For those who do not know who Orson Bean is, I am so very sorry, but strongly suggest they discover this brilliant, fascinating and entertaining man. He appears now and again on the Dennis Miller radio show, in one-hour segments that goes past like five minutes. These hours are among the best I have ever heard, and continue to hear as I did on Wednesday, Dec. 12 on my drive back home from visiting my dad in Calexico.
Bean has been there, done that with just about every personality involved in the entertainment business the past half-century or so, and he seems to remember all the brilliant moments and pulls them one at a time from his bag of memories in a way that captivates me. The problem for me is that there are so many precious moments in these one-hour segments that it is hard to remember many of them because there are just too many.
Thank you, Orson Bean for being who you are and a special thanks to Dennis Miller who takes his always entertaining and thought provoking show to an ever higher level during these hours with Orson Bean.
Two of Orson Bean’s stories on the Dec. 12 show made me laugh so hard I had to focus to stay on the road.
The first involved Kitty Carlisle Hart, one of New York City’s cultural elites of a generation ago, TV game show personality and the wife of legendary Broadway producer/writer Moss Hart (Camelot, among so many others). Everything he seemed to touch turned to gold on the stage. On their 25th anniversary, he took her to a special restaurant, where they sat at a huge table, just the two of them. The waiter brought over their drinks, and he Hart to her and said, “I want to thank you for staying with me for all these years through thick.” The other story involved heavyset, dead-pan comedian Jackie Vernon (oh if you don’t know him, either, I am so, so sorry). The event was some kind of police charity event at the Shrine Auditorium in Los Angeles and the audience included a large number of police officers who were being honored. The entertainers included a wide range of artists, including Vernon. One performer, an actress who needed to be very familiar with her script in order to deliver a good performance, wasn’t “in tune” with her lines and blundered and stumbled her way through her lines. She was pretty bad. The next performer was Vernon. He went on stage, and in his usual dead-pan manner said, “there are a lot of police officers out there today and you are very good with clues and deductions, so what was it we just saw? Was it drama? Was it comedy. Or what?”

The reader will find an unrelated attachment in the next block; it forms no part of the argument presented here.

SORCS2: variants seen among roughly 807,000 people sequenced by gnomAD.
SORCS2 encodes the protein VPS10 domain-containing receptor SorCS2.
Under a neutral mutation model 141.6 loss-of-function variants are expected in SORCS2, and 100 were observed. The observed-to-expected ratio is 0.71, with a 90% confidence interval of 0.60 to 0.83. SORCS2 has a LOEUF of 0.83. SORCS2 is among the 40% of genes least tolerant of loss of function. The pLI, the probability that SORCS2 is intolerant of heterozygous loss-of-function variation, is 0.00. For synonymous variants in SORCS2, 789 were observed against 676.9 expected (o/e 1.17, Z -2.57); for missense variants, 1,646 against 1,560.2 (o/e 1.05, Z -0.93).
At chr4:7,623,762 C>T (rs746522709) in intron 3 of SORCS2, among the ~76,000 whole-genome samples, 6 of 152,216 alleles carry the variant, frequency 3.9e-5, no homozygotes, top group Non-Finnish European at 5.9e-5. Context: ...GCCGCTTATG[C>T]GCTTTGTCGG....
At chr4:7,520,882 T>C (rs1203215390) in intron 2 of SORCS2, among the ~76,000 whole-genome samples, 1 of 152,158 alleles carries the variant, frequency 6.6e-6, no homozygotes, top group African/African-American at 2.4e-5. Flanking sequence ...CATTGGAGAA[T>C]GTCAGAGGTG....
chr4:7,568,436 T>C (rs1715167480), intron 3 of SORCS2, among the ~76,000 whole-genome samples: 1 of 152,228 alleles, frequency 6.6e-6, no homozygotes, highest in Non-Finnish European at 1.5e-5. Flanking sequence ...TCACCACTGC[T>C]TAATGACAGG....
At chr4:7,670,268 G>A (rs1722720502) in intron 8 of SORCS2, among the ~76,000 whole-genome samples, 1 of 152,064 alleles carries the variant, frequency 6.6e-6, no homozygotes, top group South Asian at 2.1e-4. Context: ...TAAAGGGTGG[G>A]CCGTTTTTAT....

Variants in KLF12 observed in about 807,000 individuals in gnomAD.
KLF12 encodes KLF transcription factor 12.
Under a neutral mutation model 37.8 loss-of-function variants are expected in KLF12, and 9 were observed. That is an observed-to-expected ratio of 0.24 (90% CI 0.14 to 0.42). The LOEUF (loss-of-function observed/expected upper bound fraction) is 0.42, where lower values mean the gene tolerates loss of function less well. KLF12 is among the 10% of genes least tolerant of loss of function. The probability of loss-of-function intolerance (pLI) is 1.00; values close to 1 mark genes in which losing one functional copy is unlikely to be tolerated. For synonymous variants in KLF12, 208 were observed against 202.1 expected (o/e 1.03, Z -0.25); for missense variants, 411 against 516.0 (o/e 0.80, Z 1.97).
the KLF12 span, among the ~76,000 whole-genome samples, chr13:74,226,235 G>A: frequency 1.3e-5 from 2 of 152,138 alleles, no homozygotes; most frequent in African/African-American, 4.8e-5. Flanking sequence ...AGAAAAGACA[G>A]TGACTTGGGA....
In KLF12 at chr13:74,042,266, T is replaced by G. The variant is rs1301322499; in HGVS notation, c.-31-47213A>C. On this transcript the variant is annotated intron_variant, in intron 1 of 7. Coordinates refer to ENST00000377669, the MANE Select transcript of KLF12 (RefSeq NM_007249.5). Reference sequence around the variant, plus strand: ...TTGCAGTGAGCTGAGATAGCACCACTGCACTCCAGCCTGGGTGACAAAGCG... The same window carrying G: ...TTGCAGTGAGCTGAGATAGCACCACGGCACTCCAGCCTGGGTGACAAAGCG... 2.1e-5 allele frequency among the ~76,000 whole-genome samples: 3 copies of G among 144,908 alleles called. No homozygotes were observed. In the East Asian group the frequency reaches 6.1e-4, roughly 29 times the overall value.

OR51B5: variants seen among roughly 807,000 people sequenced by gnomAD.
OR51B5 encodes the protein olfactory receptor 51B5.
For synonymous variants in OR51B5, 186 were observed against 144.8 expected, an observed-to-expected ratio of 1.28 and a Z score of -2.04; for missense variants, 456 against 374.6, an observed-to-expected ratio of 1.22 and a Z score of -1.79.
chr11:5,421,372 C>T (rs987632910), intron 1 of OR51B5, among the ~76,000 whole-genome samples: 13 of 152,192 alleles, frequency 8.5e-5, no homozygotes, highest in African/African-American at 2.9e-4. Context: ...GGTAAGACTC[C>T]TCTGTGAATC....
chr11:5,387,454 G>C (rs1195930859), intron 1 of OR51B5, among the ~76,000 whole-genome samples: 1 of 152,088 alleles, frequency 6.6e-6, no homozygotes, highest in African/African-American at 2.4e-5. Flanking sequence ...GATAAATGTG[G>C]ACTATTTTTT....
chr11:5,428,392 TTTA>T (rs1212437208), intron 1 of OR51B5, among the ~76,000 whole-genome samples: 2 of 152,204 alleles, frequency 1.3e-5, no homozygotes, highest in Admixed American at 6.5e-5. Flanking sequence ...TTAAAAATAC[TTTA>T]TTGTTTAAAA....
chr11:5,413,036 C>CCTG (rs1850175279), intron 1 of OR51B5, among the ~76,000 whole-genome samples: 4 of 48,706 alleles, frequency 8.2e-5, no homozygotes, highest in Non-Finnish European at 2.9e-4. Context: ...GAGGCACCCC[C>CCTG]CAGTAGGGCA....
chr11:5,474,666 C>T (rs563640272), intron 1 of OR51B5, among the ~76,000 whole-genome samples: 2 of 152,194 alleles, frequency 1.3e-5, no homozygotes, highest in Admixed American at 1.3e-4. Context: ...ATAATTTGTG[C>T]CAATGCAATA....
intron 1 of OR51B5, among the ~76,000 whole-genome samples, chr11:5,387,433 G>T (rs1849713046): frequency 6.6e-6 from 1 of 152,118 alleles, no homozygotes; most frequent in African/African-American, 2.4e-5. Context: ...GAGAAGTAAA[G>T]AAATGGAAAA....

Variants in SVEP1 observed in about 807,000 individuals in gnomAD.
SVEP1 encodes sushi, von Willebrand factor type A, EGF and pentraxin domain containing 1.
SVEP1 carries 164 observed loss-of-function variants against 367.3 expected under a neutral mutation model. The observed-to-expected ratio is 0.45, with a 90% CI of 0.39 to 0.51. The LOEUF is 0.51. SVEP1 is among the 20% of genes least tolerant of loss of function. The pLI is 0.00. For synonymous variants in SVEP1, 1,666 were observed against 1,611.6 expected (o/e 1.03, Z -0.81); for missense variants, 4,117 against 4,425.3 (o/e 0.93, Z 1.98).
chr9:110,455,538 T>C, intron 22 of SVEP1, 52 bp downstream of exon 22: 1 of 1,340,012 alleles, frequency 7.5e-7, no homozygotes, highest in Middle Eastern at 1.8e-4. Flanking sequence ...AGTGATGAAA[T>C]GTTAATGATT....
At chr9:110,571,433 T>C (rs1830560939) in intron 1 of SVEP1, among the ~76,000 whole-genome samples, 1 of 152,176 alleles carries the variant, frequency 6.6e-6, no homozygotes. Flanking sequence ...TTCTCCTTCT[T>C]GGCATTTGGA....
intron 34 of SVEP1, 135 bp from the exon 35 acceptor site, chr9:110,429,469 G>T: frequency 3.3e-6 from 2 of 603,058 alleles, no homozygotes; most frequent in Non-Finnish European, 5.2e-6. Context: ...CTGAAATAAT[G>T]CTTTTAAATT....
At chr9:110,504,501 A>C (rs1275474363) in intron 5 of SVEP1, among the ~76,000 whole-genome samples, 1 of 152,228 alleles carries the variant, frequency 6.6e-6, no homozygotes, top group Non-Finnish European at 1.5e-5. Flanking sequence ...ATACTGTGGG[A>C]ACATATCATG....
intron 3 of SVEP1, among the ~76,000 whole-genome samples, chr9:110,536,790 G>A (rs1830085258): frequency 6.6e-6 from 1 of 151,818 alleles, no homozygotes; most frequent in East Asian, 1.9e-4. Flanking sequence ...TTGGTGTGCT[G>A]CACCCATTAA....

Actually, the first story was told by Orson Bean and the second one was told by Miller, whose timing of the story made it even better. I could see and hear Jackie Vernon on stage delivering those lines as Miller was recounting them. Boy, did this Dennis Miller show make my drive home a short one.